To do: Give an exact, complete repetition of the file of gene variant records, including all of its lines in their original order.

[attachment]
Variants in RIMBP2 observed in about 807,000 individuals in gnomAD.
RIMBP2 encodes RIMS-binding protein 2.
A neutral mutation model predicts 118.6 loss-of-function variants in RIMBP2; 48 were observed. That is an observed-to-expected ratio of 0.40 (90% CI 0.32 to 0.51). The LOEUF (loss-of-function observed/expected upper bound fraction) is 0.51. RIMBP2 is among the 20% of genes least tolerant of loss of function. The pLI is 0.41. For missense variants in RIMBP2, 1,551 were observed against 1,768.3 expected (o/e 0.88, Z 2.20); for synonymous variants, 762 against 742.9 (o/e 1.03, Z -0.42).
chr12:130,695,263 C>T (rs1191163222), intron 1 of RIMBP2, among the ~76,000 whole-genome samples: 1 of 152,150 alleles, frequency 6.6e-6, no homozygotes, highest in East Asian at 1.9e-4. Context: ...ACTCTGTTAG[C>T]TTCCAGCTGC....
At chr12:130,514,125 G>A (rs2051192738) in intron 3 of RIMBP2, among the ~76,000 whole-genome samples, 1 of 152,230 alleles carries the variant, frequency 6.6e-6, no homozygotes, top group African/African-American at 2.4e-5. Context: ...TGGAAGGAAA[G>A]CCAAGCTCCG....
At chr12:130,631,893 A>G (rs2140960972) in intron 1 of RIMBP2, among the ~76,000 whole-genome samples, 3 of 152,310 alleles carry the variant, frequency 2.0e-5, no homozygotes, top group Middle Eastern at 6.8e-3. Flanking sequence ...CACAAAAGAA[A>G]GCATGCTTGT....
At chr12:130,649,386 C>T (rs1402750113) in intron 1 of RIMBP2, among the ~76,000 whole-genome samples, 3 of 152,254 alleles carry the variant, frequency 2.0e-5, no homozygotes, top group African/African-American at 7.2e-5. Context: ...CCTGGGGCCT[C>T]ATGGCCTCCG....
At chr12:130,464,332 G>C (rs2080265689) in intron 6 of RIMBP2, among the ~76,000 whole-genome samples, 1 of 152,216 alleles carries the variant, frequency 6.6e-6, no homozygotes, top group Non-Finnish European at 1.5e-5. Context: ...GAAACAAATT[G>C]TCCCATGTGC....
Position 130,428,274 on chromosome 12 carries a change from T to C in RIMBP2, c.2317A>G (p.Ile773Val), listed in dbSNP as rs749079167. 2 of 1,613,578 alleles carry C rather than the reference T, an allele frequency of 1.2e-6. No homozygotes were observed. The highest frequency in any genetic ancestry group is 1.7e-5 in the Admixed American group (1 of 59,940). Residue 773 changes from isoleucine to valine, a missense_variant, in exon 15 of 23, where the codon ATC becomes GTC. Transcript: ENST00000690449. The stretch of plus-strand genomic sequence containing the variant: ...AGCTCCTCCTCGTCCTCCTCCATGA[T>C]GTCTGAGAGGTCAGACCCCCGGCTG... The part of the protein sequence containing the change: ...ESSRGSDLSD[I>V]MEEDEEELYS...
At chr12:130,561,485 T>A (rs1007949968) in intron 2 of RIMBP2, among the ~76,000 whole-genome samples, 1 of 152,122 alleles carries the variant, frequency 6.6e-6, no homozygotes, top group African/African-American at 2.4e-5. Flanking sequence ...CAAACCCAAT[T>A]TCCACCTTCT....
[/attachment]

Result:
Variants in RIMBP2 observed in about 807,000 individuals in gnomAD.
RIMBP2 encodes RIMS-binding protein 2.
A neutral mutation model predicts 118.6 loss-of-function variants in RIMBP2; 48 were observed. That is an observed-to-expected ratio of 0.40 (90% CI 0.32 to 0.51). The LOEUF (loss-of-function observed/expected upper bound fraction) is 0.51. RIMBP2 is among the 20% of genes least tolerant of loss of function. The pLI is 0.41. For missense variants in RIMBP2, 1,551 were observed against 1,768.3 expected (o/e 0.88, Z 2.20); for synonymous variants, 762 against 742.9 (o/e 1.03, Z -0.42).
chr12:130,695,263 C>T (rs1191163222), intron 1 of RIMBP2, among the ~76,000 whole-genome samples: 1 of 152,150 alleles, frequency 6.6e-6, no homozygotes, highest in East Asian at 1.9e-4. Context: ...ACTCTGTTAG[C>T]TTCCAGCTGC....
At chr12:130,514,125 G>A (rs2051192738) in intron 3 of RIMBP2, among the ~76,000 whole-genome samples, 1 of 152,230 alleles carries the variant, frequency 6.6e-6, no homozygotes, top group African/African-American at 2.4e-5. Context: ...TGGAAGGAAA[G>A]CCAAGCTCCG....
At chr12:130,631,893 A>G (rs2140960972) in intron 1 of RIMBP2, among the ~76,000 whole-genome samples, 3 of 152,310 alleles carry the variant, frequency 2.0e-5, no homozygotes, top group Middle Eastern at 6.8e-3. Flanking sequence ...CACAAAAGAA[A>G]GCATGCTTGT....
At chr12:130,649,386 C>T (rs1402750113) in intron 1 of RIMBP2, among the ~76,000 whole-genome samples, 3 of 152,254 alleles carry the variant, frequency 2.0e-5, no homozygotes, top group African/African-American at 7.2e-5. Context: ...CCTGGGGCCT[C>T]ATGGCCTCCG....
At chr12:130,464,332 G>C (rs2080265689) in intron 6 of RIMBP2, among the ~76,000 whole-genome samples, 1 of 152,216 alleles carries the variant, frequency 6.6e-6, no homozygotes, top group Non-Finnish European at 1.5e-5. Context: ...GAAACAAATT[G>C]TCCCATGTGC....
Position 130,428,274 on chromosome 12 carries a change from T to C in RIMBP2, c.2317A>G (p.Ile773Val), listed in dbSNP as rs749079167. 2 of 1,613,578 alleles carry C rather than the reference T, an allele frequency of 1.2e-6. No homozygotes were observed. The highest frequency in any genetic ancestry group is 1.7e-5 in the Admixed American group (1 of 59,940). Residue 773 changes from isoleucine to valine, a missense_variant, in exon 15 of 23, where the codon ATC becomes GTC. Transcript: ENST00000690449. The stretch of plus-strand genomic sequence containing the variant: ...AGCTCCTCCTCGTCCTCCTCCATGA[T>C]GTCTGAGAGGTCAGACCCCCGGCTG... The part of the protein sequence containing the change: ...ESSRGSDLSD[I>V]MEEDEEELYS...
At chr12:130,561,485 T>A (rs1007949968) in intron 2 of RIMBP2, among the ~76,000 whole-genome samples, 1 of 152,122 alleles carries the variant, frequency 6.6e-6, no homozygotes, top group African/African-American at 2.4e-5. Flanking sequence ...CAAACCCAAT[T>A]TCCACCTTCT....